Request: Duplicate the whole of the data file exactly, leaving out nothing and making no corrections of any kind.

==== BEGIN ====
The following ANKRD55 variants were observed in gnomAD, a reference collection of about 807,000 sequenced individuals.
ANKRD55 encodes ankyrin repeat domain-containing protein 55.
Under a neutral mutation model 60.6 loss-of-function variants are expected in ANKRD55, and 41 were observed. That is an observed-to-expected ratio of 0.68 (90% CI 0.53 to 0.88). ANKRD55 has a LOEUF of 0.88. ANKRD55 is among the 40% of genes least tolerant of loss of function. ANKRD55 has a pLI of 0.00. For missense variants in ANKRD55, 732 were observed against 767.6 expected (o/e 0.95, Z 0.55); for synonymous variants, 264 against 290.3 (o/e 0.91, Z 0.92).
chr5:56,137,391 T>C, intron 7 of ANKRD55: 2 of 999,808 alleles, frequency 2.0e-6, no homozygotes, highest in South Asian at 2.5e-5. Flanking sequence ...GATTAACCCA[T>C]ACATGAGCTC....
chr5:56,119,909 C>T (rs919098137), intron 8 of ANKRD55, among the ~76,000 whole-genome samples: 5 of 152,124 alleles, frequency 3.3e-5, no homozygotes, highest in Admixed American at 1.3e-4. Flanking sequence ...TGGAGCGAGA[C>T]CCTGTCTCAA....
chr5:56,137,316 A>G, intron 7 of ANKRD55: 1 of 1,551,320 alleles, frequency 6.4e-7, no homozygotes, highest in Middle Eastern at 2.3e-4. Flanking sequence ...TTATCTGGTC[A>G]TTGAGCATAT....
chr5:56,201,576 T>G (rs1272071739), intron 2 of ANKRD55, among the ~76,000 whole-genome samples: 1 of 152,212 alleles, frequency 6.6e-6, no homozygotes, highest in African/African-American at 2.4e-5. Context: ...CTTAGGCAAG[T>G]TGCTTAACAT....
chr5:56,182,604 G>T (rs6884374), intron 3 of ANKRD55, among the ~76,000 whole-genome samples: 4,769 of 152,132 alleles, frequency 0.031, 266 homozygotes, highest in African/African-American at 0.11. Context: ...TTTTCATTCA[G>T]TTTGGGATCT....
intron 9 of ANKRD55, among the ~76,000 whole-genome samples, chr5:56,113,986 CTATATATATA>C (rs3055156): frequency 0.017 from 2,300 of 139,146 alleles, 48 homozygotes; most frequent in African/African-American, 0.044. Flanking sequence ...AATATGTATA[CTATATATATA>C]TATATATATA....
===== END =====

The following ANKRD55 variants were observed in gnomAD, a reference collection of about 807,000 sequenced individuals.
ANKRD55 encodes ankyrin repeat domain-containing protein 55.
Under a neutral mutation model 60.6 loss-of-function variants are expected in ANKRD55, and 41 were observed. That is an observed-to-expected ratio of 0.68 (90% CI 0.53 to 0.88). ANKRD55 has a LOEUF of 0.88. ANKRD55 is among the 40% of genes least tolerant of loss of function. ANKRD55 has a pLI of 0.00. For missense variants in ANKRD55, 732 were observed against 767.6 expected (o/e 0.95, Z 0.55); for synonymous variants, 264 against 290.3 (o/e 0.91, Z 0.92).
chr5:56,137,391 T>C, intron 7 of ANKRD55: 2 of 999,808 alleles, frequency 2.0e-6, no homozygotes, highest in South Asian at 2.5e-5. Flanking sequence ...GATTAACCCA[T>C]ACATGAGCTC....
chr5:56,119,909 C>T (rs919098137), intron 8 of ANKRD55, among the ~76,000 whole-genome samples: 5 of 152,124 alleles, frequency 3.3e-5, no homozygotes, highest in Admixed American at 1.3e-4. Flanking sequence ...TGGAGCGAGA[C>T]CCTGTCTCAA....
chr5:56,137,316 A>G, intron 7 of ANKRD55: 1 of 1,551,320 alleles, frequency 6.4e-7, no homozygotes, highest in Middle Eastern at 2.3e-4. Flanking sequence ...TTATCTGGTC[A>G]TTGAGCATAT....
chr5:56,201,576 T>G (rs1272071739), intron 2 of ANKRD55, among the ~76,000 whole-genome samples: 1 of 152,212 alleles, frequency 6.6e-6, no homozygotes, highest in African/African-American at 2.4e-5. Context: ...CTTAGGCAAG[T>G]TGCTTAACAT....
chr5:56,182,604 G>T (rs6884374), intron 3 of ANKRD55, among the ~76,000 whole-genome samples: 4,769 of 152,132 alleles, frequency 0.031, 266 homozygotes, highest in African/African-American at 0.11. Context: ...TTTTCATTCA[G>T]TTTGGGATCT....
intron 9 of ANKRD55, among the ~76,000 whole-genome samples, chr5:56,113,986 CTATATATATA>C (rs3055156): frequency 0.017 from 2,300 of 139,146 alleles, 48 homozygotes; most frequent in African/African-American, 0.044. Flanking sequence ...AATATGTATA[CTATATATATA>C]TATATATATA....